TARPON SPRINGS – Nearly a decade ago, Tarpon Springs found itself in a citywide battle: should it open its arms to Walmart?
In January 2005, the City Commission approved a development agreement with Walmart to purchase over 70 acres of land on the Anclote River, located at the intersection of U.S. 19 and Live Oak Street. Twenty months later, the Army Corps of Engineers permit was suspended because of the wetland destruction the supercenter would cause. Two years of all-night Commission meetings and screaming matches later, in October 2008, the City Commission voted 3-2 that the concurrency certificate had expired, effectively killing the project.
Now, the land is for sale again, and Tarpon Springs is looking to avoid another Walmart fiasco.
LoopNet has the property listed at 74.12 acres, 28.28 acres of which is wetland and surface waters. In 2005, environmentalists argued that the wetland areas nesting bald eagles made the property ill suited for a 203,000-square-foot retail center.
Although there is no price online, Daniel Earles, the listing agent with The Shopping Center Group LLC, said the property is listed at $8 million. Walmart purchased the property on April 12, 2005, for $8,350,000, and the Pinellas County Property Appraiser’s Office most recently assessed the land in 2012 at $4,441,913,
So far, Earles said he primarily has seen interest from national homebuilders looking to develop single-family homes.
“It’s a beautiful site with good attributes for that kind of development, rather than a big parking lot and a huge building,” he said. “I think you could do something with that property and not have it be an eyesore.”
At the Sept. 3 Tarpon Springs City Commission meeting, commissioner Townsend Tarapani questioned whether the city could afford to buy the property, further allowing the Commission more control of its future. But city manager Mark LeCouris said it just isn’t in the budget.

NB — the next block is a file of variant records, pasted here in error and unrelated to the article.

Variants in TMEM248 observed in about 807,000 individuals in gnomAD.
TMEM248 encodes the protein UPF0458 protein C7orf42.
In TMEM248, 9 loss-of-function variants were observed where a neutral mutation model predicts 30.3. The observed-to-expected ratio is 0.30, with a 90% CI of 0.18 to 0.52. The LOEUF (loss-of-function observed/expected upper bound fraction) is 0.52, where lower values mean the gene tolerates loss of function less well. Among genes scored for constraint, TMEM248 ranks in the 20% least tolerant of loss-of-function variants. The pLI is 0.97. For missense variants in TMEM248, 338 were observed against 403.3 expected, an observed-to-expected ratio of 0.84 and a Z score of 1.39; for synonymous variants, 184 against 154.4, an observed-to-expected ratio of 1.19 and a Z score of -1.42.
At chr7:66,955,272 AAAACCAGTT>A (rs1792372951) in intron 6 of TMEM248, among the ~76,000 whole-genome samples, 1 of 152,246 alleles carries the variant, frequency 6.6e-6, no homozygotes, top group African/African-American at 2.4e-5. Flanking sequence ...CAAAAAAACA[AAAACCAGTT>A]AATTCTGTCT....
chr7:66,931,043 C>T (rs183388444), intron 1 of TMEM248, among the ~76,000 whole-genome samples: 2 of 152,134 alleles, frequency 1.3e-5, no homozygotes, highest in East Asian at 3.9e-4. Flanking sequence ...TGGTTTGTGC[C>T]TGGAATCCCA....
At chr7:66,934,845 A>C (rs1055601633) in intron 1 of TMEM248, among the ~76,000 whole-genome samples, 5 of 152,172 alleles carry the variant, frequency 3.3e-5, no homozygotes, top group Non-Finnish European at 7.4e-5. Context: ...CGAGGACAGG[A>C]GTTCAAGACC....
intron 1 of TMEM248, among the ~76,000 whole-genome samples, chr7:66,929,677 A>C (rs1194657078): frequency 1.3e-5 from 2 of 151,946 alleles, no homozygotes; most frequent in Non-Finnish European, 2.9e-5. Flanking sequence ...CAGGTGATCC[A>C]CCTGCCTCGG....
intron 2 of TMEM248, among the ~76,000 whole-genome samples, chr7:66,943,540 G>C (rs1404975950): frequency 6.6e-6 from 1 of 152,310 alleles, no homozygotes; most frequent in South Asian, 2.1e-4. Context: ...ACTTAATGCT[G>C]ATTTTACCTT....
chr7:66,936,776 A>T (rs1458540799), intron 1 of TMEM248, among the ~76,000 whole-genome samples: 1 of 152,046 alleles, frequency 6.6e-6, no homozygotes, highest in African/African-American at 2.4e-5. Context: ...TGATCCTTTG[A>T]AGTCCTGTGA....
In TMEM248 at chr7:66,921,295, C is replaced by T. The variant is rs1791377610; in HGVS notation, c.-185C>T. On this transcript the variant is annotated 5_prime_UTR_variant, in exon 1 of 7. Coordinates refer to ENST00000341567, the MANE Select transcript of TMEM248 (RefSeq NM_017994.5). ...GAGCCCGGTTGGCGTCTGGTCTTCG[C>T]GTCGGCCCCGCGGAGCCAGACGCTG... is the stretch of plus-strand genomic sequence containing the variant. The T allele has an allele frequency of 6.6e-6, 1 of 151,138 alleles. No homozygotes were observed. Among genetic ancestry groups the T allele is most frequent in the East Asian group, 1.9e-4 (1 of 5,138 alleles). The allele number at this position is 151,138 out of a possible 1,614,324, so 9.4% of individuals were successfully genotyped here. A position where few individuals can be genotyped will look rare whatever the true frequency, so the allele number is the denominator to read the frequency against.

“We could put in maybe $1 million,” LeCouris said in the meeting, “but not $8 million.”
The largest plot of land in Tarpon Springs, more than 70 acres on the Anclote River is highly sought-after property. But the Commission isn’t just looking for the highest bidder; they’re looking for something that the people of Tarpon Springs want and need.
In a later interview, Tarapani talked about the public outcry in 2005, clearly visible in City Commission meetings that lasted until 7 a.m.
“When there’s that much public interest, it needed to be brought to light as far as the property being for sale,” he said. “It would be a different debate if it was 70 acres out in a cow patch rather than 70 acres by the Anclote River.”
Vice Mayor Susan Slattery was on the City Commission when Walmart first came looking to build the supercenter, and she said she hopes to avoid another battle like that. She learned from “the Walmart experience,” she said, and she knows the Commission will work with whomever buys the property.
“We’ve asked the staff to bring forward, in the next couple of months, everything about the property: what are our options and what are the new buyer’s options?” she said. “It’s all so we’re aware and the public’s aware.”
However, the Commission legally doesn’t have a say in who’s allowed to buy the property, a point that Slattery said she wants everyone to remember.
“We don’t own that property,” she said. “Somebody can build whatever they want.”
Currently, the property is zoned for general business, with a conditional use for residential. A full residential zoning would require a public hearing, which is where the City Commission would come in.
Tarpon Springs resident Chris Hrabovsky has been working with the Friends of the Anclote River group, as well as the Trust for Public Land, to turn the 74-acre property into a park since 2005. Hrabovsky said he is looking to the city, county and state to put forward money to buy the property from Walmart and prevent the land from being destroyed.
“Anybody who would try to build anything there should do their due diligence and know they can’t,” he said. “They should know that they’ll be scrutinized to such a high degree that they won’t be able to build a popsicle stick there.”
A self-proclaimed preservationist, Tarapani said he wants to see the land left undeveloped. But if not, he said he has high hopes for the future owner.
“The City Commission,” he said, “will make sure the project is of Tarpon Springs quality.”